Category Archives: Literature

Creative Theft: 3 Great Writers Who Stole Their Best Ideas

It’s vital that all authors find their own voice and strive toward a creative approach to their story. However, it’s also a little ridiculous to believe that all works of fiction must be entirely new and original. For instance, I grew a little nervous when a friend compared the magic system in my book to alchemy in Fullmetal Alchemist. But then, after considering historical precedent, I relaxed. After all, many of the great storytelling franchises relied heavily on past works. Here are three:

Screencapture - Fullmetal Alchemist (2003, directed by Seiji Mizushima

Screencapture – Fullmetal Alchemist (2003), directed by Seiji Mizushima

 

The Works of William Shakespeare
Assuming you believe Shakespeare existed (If you don’t, keep that opinion to yourself. This is a bard-friendly blog.), you are probably familiar with the fact that he did “borrow” the plots of most of his plays from other writers. One of those writers would be Geoffrey Chaucer. Like Shakespeare, Chaucer also borrowed many of his plots from other writers, including an Italian poet called Giovanni Boccaccio. A good example of this borrowing can be seen in Shakespeare’s play, Troilus and Cressida. Shakespeare’s plot was heavily influenced by that of Chaucer’s Troilus and Criseyde, which itself was influenced by Boccaccio’s Il Filostrato. So, even the great writers of history have stolen from each other from time to time.

Boccaccio

Engraved portrait of Giovanni Boccaccio (1313–1375) by Raffaello Sanzio Morghen (1758-1833) after Vincenzo Gozzini and dated 1822 (Source: Wikipedia)

 

The Lord of the Rings
Sometimes seen as the father of high fantasy, J.R.R. Tolkien is much loved and respected by readers the world over. I, too, love Tolkien; The Hobbit was one of the very first chapter books I ever read. It’s also well known that Tolkien based much of his world building on pre-existing cultures on Earth. Mythology too played a huge influence on Tolkien’s writing, a good example of which is displayed in Tolkien’s favorite plot device, The One Ring. Tolkien based his ring heavily off of Plato’s Ring of Gyges, a mythical artifact that turned the wearer invisible. Furthermore, the Ring of Gyges sparks a debate in Plato’s works between Socrates and another; they argue over whether that power would always be taken advantage of by the wearer, or if a just person could withstand it and resist his base desires. It’s pretty easy to see the link between the corruption of the Ring of Gyges and that of The One Ring; the biggest difference is that no one can resist The One Ring forever.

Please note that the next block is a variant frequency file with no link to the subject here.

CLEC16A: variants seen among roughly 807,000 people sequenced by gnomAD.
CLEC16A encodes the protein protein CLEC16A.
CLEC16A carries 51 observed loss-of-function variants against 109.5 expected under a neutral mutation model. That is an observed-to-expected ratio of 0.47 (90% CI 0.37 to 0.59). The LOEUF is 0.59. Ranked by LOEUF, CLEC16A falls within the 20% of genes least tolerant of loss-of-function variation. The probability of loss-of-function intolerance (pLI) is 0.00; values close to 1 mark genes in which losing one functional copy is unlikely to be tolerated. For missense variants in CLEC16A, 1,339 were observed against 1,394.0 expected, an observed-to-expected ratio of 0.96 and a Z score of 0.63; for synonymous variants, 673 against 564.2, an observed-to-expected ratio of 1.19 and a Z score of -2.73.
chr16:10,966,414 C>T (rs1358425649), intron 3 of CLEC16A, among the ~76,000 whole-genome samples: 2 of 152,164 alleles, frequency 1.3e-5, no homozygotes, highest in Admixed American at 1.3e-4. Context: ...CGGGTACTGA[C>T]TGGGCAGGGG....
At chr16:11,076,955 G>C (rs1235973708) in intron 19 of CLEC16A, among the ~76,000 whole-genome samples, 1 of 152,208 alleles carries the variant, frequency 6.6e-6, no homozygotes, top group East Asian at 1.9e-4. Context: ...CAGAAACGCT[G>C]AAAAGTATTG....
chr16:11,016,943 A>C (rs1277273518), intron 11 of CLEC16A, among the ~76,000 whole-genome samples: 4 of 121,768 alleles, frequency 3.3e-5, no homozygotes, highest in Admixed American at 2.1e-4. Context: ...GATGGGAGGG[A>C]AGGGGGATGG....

Plato

The School of Athens (detail of Plato). Fresco, Stanza della Segnatura, Palazzi Pontifici, Vatican. (Source: Wikipedia)

Star Wars
A cultural touchstone in its own right, many modern works owe a great deal to the Star Wars franchise. However, like the previously mentioned franchises, Star Wars owes much to other works. What resonates most with many fans of the original films was the blending of familiar elements (plots structures, character types) with futuristic settings. George Lucas pulled those familiar elements from mythology from around the world. For Luke’s journey in particular, Lucas relied heavily on the works of Joseph Campbell. And, lest I forget, I feel I should also mention the Japanese film The Hidden Fortress, directed by Akira Kurosawa. This film is told primarily from the perspective of two bickering peasants (not so different from C-3P0 and R2-D2), and also features a battle-hardened warrior (like Obi Wan Kenobi) and a rebellion-leading princess (like Princess Leia).

While I want my books to feel fresh and original, I also have to be aware that borrowing from other works is not a sin. I do feel, though, that I should be aware of my influences. One thing I do admire about George Lucas is that he has never shied away from giving credit to his influences. If nothing else, it’s a good way to introduce younger audiences to time-tested works.

How do you guys feel about borrowing from works? Should it be frowned on, or celebrated? Is there a line between the two, and when have you seen it crossed?

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3 Book Adaptations that Actually Rock